John Buck, founder, chairman and CEO of The John Buck Co., has a lot to brag about these days, but boasting just doesn't seem to be his style. Instead, the soft-spokendeveloper prefers to let his firm's work speak for itself. “We're conservative,” he said. “We don't take big risks.”
He may not be a gambler, but Buck is certainly a nimble player. His company, which marks its 20th anniversary this year, has managed to complete a string of successful projects and start its own investment fund to expand operations just as the economy started to slide.
In 2000, Buck finished the massive redevelopment of the nine-block North Bridge area, portions of which stretch along Chicago's famed Michigan Avenue. The project includes office buildings, hotels and the Shops at North Bridge, a retail center anchored by a 260,000 sq. ft. Nordstrom store.
Also, Buck's UBS Tower, a new 1.3 million sq. ft. skyscraper, is nearing completion downtown at One North Wacker Drive. The first tenants will move in this summer.
Little wonder Buck has been named developer of the year each of the past two years in a row by the Greater Chicago Food Depository Commercial Real Estate Awards.
But Buck's company hasn't restricted its activity only to development. In a notable strategy shift last year, the firm launched the JBC Acquisition & Development Fund I. And plans are under way to assemble another fund in 2001. The funds are being used to acquire and develop properties in the Chicago area. But other major markets, especially in the Northeast, are being targeted as well. Obviously, the funds give the company a leg up — a big source of cash at a time when other expansion-minded developers struggle with cautious lenders and uncertain capital markets.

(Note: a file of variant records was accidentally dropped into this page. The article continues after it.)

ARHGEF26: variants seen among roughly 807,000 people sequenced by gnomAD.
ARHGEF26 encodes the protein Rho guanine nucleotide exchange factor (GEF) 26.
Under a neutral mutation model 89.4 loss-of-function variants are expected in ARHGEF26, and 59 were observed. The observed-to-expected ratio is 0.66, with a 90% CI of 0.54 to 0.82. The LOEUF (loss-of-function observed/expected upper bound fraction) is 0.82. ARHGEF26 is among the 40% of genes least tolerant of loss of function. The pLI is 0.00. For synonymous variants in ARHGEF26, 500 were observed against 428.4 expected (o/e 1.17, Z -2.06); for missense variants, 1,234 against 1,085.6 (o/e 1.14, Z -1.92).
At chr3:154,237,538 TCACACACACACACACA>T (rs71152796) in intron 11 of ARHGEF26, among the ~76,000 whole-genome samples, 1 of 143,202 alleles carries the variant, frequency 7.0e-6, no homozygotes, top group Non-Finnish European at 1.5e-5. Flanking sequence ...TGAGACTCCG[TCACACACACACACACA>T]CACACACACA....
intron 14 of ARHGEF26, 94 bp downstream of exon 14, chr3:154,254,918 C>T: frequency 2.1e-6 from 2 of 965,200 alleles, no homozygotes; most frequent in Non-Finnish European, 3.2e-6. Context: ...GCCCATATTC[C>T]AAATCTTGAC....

“John Buck has really taken the company to the next level,” said J. Frank Franzese, senior director at the Chicago office of New York-based Cushman & Wakefield Inc. “Buck has picked his assignments. He has a logical and strategic plan in place.”
The secrets to success
So why has the firm been successful?
With an easy laugh and a slight southern drawl still noticeable although he left Texas decades ago, Buck said he's not sure exactly what he had in mind when he started the company. But, he said, the intention was to create a vertically integrated firm that could handle transactional work as well as develop projects either on a fee basis or as an owner.
Buck started the firm in 1981 with just a handful of employees. It now employs about 400 people. The privately held company, which has developed a total of about $2.5 billion worth of property in the Chicago area, is owned by 40 of its executives (The firm declined to provide revenues.).